There are two major misconceptions that people facing deportation or removal proceedings have. They tend to think either that:
Both these ideas are, while understandable, misguided.
Immigration court proceedings are less formal than normal court proceedings. No jury will be present, less scripted legal language needs to be used, and everyone generally understands that the immigrant may not be familiar with American legal procedures. The immigration judge (IJ) is expected to act in an impartial manner. That means that he or she is not supposed to automatically side with the attorney who will be there for the Department of Homeland Security (DHS), but to consider both the DHS's arguments and the immigrant's before coming to a decision.
That is where the good news ends, however. The IJ is not going to think up legal arguments for you, nor help you present your case. The judge may not even know about circumstances in your case that might warrant a favorable decision or an exercise of discretion -- and, with a busy court docket, probably doesn't have the time to interview you and find out.
In short, if you show up in court with a charge of being removable -- perhaps because you are in the United States without authorization, or got convicted of a crime after obtaining your green card -- and you can't come up with any reason why you shouldn't be deported other than, "I work hard and have a family here," the judge will have no choice but to deport you. (This doesn't happen at the first, master calendar hearing, however. At that time, the judge will no doubt strongly urge you to get an attorney to help you figure out whether you have any defense against deportation. For an explanation of what happens at the various hearings, see "Overview of The Removal (Deportation) Hearings Process".)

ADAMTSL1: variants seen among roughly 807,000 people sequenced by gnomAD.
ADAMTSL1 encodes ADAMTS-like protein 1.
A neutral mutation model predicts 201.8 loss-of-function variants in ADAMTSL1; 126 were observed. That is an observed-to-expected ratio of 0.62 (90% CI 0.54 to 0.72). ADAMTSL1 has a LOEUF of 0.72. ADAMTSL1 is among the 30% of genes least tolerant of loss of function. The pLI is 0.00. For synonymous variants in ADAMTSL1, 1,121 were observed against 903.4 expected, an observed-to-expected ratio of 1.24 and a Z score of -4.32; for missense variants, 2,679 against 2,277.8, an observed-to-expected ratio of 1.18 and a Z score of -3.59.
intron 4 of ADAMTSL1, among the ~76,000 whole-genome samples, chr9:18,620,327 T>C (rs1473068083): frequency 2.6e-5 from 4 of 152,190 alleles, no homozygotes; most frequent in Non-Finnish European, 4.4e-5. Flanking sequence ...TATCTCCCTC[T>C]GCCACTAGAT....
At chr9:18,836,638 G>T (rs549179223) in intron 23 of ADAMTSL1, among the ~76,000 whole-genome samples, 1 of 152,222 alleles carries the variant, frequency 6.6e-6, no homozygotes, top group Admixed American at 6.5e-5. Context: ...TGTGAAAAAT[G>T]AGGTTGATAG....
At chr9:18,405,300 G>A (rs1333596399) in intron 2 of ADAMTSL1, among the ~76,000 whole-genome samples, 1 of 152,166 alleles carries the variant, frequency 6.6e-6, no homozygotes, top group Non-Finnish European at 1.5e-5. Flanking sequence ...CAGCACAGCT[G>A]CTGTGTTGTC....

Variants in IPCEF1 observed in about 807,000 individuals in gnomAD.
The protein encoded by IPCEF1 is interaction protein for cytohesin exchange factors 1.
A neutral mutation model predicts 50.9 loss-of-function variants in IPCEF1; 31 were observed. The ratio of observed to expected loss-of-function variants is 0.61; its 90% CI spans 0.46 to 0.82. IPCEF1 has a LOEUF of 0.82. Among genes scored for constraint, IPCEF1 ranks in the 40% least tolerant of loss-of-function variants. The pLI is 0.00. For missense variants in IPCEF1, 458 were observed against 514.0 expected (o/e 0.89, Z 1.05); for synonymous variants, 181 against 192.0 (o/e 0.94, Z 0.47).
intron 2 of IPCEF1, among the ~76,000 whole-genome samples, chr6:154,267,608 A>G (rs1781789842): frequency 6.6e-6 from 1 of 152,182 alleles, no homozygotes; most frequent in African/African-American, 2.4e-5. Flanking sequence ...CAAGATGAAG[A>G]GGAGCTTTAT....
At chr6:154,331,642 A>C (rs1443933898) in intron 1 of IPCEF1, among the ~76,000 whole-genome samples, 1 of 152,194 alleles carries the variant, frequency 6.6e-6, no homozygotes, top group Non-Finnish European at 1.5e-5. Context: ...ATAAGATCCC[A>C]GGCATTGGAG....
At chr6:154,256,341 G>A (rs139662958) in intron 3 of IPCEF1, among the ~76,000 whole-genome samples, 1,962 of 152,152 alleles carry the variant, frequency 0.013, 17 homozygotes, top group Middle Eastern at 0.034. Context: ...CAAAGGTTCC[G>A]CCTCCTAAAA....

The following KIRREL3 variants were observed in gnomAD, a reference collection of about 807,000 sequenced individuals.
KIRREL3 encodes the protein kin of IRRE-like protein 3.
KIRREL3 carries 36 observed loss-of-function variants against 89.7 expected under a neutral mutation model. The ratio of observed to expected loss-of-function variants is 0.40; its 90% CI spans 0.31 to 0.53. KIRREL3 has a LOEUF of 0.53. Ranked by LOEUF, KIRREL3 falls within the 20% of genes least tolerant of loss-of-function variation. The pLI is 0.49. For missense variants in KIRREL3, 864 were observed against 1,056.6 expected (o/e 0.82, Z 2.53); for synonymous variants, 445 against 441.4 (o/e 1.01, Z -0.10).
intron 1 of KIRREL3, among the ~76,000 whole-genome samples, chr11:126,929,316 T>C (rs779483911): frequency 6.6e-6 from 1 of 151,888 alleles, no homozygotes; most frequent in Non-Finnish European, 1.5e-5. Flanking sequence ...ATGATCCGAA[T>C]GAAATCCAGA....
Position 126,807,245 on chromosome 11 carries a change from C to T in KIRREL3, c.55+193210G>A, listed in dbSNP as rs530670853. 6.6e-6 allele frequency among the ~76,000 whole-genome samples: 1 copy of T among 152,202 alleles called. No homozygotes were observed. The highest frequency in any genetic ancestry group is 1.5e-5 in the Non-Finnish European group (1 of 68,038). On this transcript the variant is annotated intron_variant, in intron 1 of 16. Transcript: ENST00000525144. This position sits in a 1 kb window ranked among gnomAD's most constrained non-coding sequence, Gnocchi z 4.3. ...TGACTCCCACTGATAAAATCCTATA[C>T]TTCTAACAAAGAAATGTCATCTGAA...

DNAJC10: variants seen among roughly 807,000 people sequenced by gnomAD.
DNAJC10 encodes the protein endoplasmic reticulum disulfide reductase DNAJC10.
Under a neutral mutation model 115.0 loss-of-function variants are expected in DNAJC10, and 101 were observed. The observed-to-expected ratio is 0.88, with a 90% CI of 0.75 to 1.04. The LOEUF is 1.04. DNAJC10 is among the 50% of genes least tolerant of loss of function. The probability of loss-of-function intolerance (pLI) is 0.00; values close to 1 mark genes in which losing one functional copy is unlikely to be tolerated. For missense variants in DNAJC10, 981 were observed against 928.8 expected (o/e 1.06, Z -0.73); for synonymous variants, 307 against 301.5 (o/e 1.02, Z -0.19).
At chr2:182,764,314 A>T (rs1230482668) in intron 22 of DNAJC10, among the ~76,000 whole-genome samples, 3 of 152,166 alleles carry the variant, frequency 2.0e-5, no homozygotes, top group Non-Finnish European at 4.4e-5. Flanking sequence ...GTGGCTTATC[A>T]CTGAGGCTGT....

An attorney will, before the hearing, spend the time to discover whether the DHS charge against you is correct, and whether any particular circumstances in your life would warrant defending your deportation. Because of complexities in the immigration laws, these possibilities may not be apparent to you, even after reading up on immigration law matters. The attorney may, for example:
Even if you believe that you might qualify for one of these defenses or applications, an attorney can help you make the strongest argument possible. The attorney will fill out any required forms, help prepare exhibits (documents backing up your statements), draft legal briefs arguing the case, and prepare you and any witnesses for the court hearing.
Even if the judge denies the case, having a solid amount of information on the record will make your chances of a positive decision on appeal much stronger. After all, this is your one and only chance to fully present your testimoney and legal arguments. Appeals do not give you a chance at a whole new review of your case -- they just focus on whether they immigration judge made the right decision given the information presented to him or her.
Unfortunately, immigrants are not eligible for free legal representation from the U.S. government. There are often ways to talk to an attorney at the first deportation hearing, but the immigrant must hire an attorney to represent them in subsequent hearings. But they should do their best to muster up enough money to pay a lawyer. Immigration lawyers tend not to charge as much per hour as, say, corporate attorneys. And low-cost services may be available from nonprofit (charitable) organizations that help immigrants and refugees.